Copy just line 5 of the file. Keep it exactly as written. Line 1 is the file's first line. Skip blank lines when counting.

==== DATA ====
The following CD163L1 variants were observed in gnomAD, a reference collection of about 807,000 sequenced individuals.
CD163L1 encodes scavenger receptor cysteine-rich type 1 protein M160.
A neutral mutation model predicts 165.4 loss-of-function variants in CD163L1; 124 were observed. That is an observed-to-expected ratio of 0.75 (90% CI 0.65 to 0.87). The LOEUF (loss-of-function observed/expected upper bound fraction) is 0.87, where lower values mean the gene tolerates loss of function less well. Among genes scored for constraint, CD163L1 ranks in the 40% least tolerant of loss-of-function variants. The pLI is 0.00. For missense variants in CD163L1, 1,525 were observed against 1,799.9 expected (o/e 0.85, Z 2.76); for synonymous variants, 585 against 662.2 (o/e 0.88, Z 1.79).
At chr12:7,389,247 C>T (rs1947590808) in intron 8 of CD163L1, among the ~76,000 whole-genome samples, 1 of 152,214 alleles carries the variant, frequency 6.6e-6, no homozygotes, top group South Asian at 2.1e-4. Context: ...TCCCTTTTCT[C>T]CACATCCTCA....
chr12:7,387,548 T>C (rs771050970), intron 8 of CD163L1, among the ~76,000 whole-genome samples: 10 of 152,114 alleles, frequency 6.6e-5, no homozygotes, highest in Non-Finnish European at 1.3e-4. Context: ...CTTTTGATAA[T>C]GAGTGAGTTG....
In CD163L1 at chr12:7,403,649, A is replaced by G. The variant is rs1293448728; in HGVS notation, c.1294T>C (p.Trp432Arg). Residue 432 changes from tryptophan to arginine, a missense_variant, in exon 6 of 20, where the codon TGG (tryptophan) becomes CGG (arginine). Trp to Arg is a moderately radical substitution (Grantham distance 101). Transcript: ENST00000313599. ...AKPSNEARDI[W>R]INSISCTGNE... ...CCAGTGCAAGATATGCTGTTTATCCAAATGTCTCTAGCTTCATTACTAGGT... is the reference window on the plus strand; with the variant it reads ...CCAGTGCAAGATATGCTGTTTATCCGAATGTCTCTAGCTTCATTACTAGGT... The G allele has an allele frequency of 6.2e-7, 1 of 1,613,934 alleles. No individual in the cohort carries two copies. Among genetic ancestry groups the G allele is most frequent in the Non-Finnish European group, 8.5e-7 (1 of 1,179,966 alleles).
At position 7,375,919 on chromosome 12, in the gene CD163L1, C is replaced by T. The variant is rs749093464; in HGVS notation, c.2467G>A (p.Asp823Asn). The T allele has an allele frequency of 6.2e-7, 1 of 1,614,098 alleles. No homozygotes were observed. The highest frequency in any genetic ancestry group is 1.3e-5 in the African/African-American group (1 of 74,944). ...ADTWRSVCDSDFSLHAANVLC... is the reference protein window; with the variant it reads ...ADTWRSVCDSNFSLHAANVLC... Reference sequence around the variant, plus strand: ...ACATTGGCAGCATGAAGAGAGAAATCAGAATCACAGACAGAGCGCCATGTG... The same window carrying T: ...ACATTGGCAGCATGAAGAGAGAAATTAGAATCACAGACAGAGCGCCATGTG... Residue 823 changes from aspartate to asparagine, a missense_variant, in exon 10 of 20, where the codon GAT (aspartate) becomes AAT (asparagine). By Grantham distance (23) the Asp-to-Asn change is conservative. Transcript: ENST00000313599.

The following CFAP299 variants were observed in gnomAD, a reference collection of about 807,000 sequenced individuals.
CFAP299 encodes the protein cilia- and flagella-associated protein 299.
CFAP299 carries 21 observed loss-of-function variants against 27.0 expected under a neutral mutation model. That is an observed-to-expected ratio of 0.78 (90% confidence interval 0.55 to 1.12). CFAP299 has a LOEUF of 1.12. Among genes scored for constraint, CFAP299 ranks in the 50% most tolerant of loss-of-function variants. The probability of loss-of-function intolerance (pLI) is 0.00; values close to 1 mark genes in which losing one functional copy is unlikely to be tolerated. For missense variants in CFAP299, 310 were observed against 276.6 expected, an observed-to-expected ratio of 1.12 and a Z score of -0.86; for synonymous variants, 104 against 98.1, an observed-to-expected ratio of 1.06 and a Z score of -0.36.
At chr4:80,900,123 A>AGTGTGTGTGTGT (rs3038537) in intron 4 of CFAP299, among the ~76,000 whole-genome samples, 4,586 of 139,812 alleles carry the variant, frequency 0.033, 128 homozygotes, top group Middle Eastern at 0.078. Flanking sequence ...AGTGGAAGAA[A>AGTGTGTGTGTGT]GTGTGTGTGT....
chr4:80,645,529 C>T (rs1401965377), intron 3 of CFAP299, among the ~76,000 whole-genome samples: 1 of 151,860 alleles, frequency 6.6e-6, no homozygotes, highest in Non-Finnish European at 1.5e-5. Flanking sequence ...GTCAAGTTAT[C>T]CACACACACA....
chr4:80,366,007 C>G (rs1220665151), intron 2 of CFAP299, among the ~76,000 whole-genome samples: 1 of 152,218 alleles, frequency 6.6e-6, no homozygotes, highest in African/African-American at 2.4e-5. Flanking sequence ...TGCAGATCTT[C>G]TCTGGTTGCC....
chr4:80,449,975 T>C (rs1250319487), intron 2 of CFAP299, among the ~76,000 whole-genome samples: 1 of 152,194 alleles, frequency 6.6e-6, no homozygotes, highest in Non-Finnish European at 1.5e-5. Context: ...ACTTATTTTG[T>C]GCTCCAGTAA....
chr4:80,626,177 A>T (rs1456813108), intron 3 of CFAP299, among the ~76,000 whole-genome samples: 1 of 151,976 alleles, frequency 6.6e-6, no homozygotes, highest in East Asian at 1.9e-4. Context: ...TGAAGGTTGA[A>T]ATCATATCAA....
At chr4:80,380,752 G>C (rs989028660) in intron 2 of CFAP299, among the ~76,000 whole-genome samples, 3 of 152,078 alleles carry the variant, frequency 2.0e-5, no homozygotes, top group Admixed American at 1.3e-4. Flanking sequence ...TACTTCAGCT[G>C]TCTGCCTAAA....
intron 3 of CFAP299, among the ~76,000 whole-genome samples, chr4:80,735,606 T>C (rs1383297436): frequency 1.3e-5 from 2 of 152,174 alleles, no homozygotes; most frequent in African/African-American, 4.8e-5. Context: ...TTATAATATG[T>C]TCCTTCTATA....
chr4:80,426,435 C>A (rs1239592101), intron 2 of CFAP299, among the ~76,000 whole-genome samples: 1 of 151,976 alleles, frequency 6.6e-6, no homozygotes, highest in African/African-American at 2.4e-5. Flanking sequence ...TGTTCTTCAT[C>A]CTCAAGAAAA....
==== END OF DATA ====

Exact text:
chr12:7,387,548 T>C (rs771050970), intron 8 of CD163L1, among the ~76,000 whole-genome samples: 10 of 152,114 alleles, frequency 6.6e-5, no homozygotes, highest in Non-Finnish European at 1.3e-4. Context: ...CTTTTGATAA[T>C]GAGTGAGTTG....